Okay, I'm not an expert, but hydrangeas are a favorite of mine and I used to have about 25 of them when we lived in Virginia. Since moving to Arkansas 2 1/2 years ago, I have missed them terribly and am constantly looking for a place to sneak one in. I've decided on putting one in a container and taking my chances. My experience has been that they are very easy to grow. I did use miracle-gro on mine, but only in the early spring as suggested (every 2 weeks) and then about once a month once it started getting hot. I think I read somewhere that if you feed them with too much nitrogen (miracle gro is loaded) that you get great foliage and not great blooms. They do need to get some sun, morning is best, in order to bloom to their fullest and they don't respond well to the terrible heat of summer (upper 90's to 100') unless they are watered very regularly. The good thing is, they will wilt terribly on a hot summer afternoon and the next morning you'll come out and they are gorgeous again. I had mostly old macrophyllas (the french snowball kind) but went all out and bought about a dozen of the endless summers when they first came out for a whopping $40 apiece. I can't believe how easy they are to find now and how much cheaper they are. My best blooms came off of the old ones and so I was surprised that noone asked about pruning them as they only grow on old wood. As for shaping the bushes, I think they are beautiful as they grow and only cut off the dead wood each year in late winter/early spring. I mulched mine heavily to keep their roots moist and cool and they seemed to be very happy. My old varieties produced many volunteers which I was able to share with my gardening buddies. I also used mine for cutting, this is one of the reasons I planted so many. I had plenty for myself and all my neighbors and friends. If you cut them at just the right time, they dry beautifully. You can google the info, but I never could get it just right. If I followed the directions, it usually wouldn't work, and then if I just cut them and forgot to keep the water filled, I could end up with the most beautiful dried flower heads that lasted for years. They truly are one of my favorite flowers (peonies give them a run for their money) and I think they are a delight to have and to share. Just a note of interest, if you are planning to cut, don't plant lacecaps. They are a beautiful variety, but they make a mess inside the house. I finally dug mine up and gave them all away in favor of the mopheads. Best of luck to all of you! :D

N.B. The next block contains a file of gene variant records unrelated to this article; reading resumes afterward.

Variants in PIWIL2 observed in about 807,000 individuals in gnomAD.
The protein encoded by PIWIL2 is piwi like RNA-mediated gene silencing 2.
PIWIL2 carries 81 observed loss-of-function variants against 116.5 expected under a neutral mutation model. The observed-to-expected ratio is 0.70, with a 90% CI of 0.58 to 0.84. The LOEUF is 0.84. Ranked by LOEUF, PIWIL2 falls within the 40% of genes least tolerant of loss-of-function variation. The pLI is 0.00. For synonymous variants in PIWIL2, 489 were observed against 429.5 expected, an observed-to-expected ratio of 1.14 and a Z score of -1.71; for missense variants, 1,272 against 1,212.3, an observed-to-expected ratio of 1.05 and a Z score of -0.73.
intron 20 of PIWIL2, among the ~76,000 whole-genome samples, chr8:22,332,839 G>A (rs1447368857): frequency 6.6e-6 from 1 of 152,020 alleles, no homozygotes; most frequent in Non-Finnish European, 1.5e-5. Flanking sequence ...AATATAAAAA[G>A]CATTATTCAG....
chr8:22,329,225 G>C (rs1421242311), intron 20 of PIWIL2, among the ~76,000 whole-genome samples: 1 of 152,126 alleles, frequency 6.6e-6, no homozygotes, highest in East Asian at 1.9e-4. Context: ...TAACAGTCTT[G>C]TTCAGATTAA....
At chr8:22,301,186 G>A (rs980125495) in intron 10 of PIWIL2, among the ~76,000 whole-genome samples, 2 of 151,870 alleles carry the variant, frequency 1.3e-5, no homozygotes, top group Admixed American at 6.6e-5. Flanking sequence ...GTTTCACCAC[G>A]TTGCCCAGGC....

Super Green Thumb
Posts: 7500
Joined: Tue May 06, 2008 7:02 pm
Location: El Cerrito, CA

Dear jaminsgirl,

Sacramento is classified as Sunset Zone 14, inland climate moderated by marine influence.

If you're not familiar with Sunset's Western Gardening book, please look at one at an independent nursery/garden supply store. (My local library branch has two copies, so your public library may also have it available for perusal.) Western Gardening has an absolute wealth of information about climate zones in the Western United States, British Columbia, and Alberta.

A local nursery could also advise you about which species of hydrangea is/are most likely to succeed in your particular planting location. Every individual hydrangea species listed in the "Western Plant Encyclopedia" section of the Sunset book is recommended for Sunset Zone 14, so you may have a variety of choices, even with the limited sunlight.